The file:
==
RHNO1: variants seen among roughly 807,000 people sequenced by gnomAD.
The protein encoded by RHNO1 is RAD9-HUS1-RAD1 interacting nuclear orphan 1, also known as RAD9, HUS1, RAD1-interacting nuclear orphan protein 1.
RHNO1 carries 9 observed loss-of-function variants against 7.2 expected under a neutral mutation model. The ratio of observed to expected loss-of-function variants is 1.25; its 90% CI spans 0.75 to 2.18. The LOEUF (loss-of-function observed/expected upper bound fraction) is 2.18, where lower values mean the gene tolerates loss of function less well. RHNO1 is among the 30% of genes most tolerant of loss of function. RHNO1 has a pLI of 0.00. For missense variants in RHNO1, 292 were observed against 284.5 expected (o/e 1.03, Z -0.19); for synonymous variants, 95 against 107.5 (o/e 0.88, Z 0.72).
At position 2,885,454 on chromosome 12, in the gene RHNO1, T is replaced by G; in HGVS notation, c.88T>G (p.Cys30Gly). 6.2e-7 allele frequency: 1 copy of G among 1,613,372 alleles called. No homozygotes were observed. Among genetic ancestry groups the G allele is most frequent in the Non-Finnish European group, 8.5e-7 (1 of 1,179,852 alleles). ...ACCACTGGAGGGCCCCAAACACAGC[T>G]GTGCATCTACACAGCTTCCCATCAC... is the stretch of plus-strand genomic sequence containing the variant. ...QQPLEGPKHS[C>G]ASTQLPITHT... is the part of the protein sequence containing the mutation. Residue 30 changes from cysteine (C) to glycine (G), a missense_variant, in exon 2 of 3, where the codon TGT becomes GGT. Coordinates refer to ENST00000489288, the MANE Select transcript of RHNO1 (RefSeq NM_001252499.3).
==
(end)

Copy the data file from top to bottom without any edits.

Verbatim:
RHNO1: variants seen among roughly 807,000 people sequenced by gnomAD.
The protein encoded by RHNO1 is RAD9-HUS1-RAD1 interacting nuclear orphan 1, also known as RAD9, HUS1, RAD1-interacting nuclear orphan protein 1.
RHNO1 carries 9 observed loss-of-function variants against 7.2 expected under a neutral mutation model. The ratio of observed to expected loss-of-function variants is 1.25; its 90% CI spans 0.75 to 2.18. The LOEUF (loss-of-function observed/expected upper bound fraction) is 2.18, where lower values mean the gene tolerates loss of function less well. RHNO1 is among the 30% of genes most tolerant of loss of function. RHNO1 has a pLI of 0.00. For missense variants in RHNO1, 292 were observed against 284.5 expected (o/e 1.03, Z -0.19); for synonymous variants, 95 against 107.5 (o/e 0.88, Z 0.72).
At position 2,885,454 on chromosome 12, in the gene RHNO1, T is replaced by G; in HGVS notation, c.88T>G (p.Cys30Gly). 6.2e-7 allele frequency: 1 copy of G among 1,613,372 alleles called. No homozygotes were observed. Among genetic ancestry groups the G allele is most frequent in the Non-Finnish European group, 8.5e-7 (1 of 1,179,852 alleles). ...ACCACTGGAGGGCCCCAAACACAGC[T>G]GTGCATCTACACAGCTTCCCATCAC... is the stretch of plus-strand genomic sequence containing the variant. ...QQPLEGPKHS[C>G]ASTQLPITHT... is the part of the protein sequence containing the mutation. Residue 30 changes from cysteine (C) to glycine (G), a missense_variant, in exon 2 of 3, where the codon TGT becomes GGT. Coordinates refer to ENST00000489288, the MANE Select transcript of RHNO1 (RefSeq NM_001252499.3).